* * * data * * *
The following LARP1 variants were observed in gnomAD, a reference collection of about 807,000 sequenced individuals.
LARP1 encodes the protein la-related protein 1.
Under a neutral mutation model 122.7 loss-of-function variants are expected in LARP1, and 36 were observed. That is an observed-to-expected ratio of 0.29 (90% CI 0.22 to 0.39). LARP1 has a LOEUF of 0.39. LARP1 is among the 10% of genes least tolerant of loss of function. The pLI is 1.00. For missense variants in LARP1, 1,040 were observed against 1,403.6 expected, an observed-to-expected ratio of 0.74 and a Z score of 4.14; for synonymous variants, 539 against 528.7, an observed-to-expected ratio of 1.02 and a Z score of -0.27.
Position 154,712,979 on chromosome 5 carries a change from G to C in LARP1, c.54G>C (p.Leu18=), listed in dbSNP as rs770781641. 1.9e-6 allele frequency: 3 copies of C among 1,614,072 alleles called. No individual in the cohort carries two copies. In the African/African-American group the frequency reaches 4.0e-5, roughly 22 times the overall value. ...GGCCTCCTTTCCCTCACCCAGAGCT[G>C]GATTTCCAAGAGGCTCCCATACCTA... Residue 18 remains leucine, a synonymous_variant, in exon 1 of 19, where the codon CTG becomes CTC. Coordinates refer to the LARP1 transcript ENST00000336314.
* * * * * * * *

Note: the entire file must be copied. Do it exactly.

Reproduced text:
The following LARP1 variants were observed in gnomAD, a reference collection of about 807,000 sequenced individuals.
LARP1 encodes the protein la-related protein 1.
Under a neutral mutation model 122.7 loss-of-function variants are expected in LARP1, and 36 were observed. That is an observed-to-expected ratio of 0.29 (90% CI 0.22 to 0.39). LARP1 has a LOEUF of 0.39. LARP1 is among the 10% of genes least tolerant of loss of function. The pLI is 1.00. For missense variants in LARP1, 1,040 were observed against 1,403.6 expected, an observed-to-expected ratio of 0.74 and a Z score of 4.14; for synonymous variants, 539 against 528.7, an observed-to-expected ratio of 1.02 and a Z score of -0.27.
Position 154,712,979 on chromosome 5 carries a change from G to C in LARP1, c.54G>C (p.Leu18=), listed in dbSNP as rs770781641. 1.9e-6 allele frequency: 3 copies of C among 1,614,072 alleles called. No individual in the cohort carries two copies. In the African/African-American group the frequency reaches 4.0e-5, roughly 22 times the overall value. ...GGCCTCCTTTCCCTCACCCAGAGCT[G>C]GATTTCCAAGAGGCTCCCATACCTA... Residue 18 remains leucine, a synonymous_variant, in exon 1 of 19, where the codon CTG becomes CTC. Coordinates refer to the LARP1 transcript ENST00000336314.